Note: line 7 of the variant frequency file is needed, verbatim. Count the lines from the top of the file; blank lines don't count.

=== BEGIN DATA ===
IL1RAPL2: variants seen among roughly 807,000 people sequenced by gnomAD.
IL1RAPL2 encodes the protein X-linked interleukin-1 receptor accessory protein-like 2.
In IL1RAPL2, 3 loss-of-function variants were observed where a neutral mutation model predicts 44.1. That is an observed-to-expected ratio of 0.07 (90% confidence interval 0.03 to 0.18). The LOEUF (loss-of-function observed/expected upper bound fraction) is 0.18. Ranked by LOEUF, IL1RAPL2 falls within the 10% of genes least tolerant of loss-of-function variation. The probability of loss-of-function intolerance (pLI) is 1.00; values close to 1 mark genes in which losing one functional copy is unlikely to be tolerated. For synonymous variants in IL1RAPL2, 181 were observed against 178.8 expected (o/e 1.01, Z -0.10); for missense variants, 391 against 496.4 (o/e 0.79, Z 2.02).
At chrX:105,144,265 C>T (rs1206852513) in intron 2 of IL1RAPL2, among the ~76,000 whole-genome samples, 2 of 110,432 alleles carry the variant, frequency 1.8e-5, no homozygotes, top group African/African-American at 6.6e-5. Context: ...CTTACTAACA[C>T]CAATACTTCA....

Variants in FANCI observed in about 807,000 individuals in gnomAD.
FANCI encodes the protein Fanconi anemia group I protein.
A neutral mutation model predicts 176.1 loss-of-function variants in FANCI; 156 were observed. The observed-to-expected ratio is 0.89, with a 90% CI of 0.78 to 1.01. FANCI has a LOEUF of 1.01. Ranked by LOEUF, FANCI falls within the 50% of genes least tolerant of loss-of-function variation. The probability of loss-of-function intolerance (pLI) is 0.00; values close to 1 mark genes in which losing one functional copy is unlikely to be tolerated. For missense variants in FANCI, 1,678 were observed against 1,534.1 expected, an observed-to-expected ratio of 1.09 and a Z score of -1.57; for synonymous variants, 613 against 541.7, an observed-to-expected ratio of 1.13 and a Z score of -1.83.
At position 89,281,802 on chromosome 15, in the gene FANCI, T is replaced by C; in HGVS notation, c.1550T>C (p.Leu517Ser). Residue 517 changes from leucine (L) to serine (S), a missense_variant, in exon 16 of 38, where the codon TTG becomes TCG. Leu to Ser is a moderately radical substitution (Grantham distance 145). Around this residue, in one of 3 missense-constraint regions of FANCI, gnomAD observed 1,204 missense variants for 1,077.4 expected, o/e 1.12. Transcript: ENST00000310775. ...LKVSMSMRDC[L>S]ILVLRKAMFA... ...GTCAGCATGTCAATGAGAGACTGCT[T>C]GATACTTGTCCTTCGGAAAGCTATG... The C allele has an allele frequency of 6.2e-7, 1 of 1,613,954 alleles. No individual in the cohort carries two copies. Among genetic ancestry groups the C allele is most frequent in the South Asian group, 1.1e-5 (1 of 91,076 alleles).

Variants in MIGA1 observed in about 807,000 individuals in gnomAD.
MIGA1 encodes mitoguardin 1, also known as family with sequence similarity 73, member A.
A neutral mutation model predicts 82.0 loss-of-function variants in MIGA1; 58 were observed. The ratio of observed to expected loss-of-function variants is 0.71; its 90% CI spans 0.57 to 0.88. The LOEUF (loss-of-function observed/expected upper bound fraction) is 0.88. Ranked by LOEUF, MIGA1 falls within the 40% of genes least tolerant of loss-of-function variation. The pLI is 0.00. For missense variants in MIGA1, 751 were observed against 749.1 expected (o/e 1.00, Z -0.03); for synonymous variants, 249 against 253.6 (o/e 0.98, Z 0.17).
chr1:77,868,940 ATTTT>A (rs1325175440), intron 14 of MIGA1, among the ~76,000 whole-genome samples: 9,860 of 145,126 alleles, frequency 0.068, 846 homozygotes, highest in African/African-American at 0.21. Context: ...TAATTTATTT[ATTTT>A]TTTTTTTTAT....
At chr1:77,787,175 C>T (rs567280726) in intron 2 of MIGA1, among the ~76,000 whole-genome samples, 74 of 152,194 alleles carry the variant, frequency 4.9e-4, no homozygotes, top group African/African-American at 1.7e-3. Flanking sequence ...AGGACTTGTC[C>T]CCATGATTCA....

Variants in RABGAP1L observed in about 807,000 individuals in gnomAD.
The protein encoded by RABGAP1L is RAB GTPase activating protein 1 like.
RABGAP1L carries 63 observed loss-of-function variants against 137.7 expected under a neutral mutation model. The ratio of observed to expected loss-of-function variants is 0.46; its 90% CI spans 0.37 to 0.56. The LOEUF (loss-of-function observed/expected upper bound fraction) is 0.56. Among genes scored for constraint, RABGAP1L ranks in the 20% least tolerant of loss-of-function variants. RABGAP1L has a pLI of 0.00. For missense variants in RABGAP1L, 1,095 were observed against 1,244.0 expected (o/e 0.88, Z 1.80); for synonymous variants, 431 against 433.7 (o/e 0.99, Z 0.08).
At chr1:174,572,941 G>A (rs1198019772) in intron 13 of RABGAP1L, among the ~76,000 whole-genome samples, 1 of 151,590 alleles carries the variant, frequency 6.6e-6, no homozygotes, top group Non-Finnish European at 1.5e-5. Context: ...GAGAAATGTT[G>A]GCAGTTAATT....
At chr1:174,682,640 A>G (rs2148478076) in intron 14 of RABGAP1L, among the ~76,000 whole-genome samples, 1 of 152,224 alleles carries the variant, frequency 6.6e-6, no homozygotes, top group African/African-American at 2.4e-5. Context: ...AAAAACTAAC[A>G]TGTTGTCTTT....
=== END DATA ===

A neutral mutation model predicts 176.1 loss-of-function variants in FANCI; 156 were observed. The observed-to-expected ratio is 0.89, with a 90% CI of 0.78 to 1.01. FANCI has a LOEUF of 1.01. Ranked by LOEUF, FANCI falls within the 50% of genes least tolerant of loss-of-function variation. The probability of loss-of-function intolerance (pLI) is 0.00; values close to 1 mark genes in which losing one functional copy is unlikely to be tolerated. For missense variants in FANCI, 1,678 were observed against 1,534.1 expected, an observed-to-expected ratio of 1.09 and a Z score of -1.57; for synonymous variants, 613 against 541.7, an observed-to-expected ratio of 1.13 and a Z score of -1.83.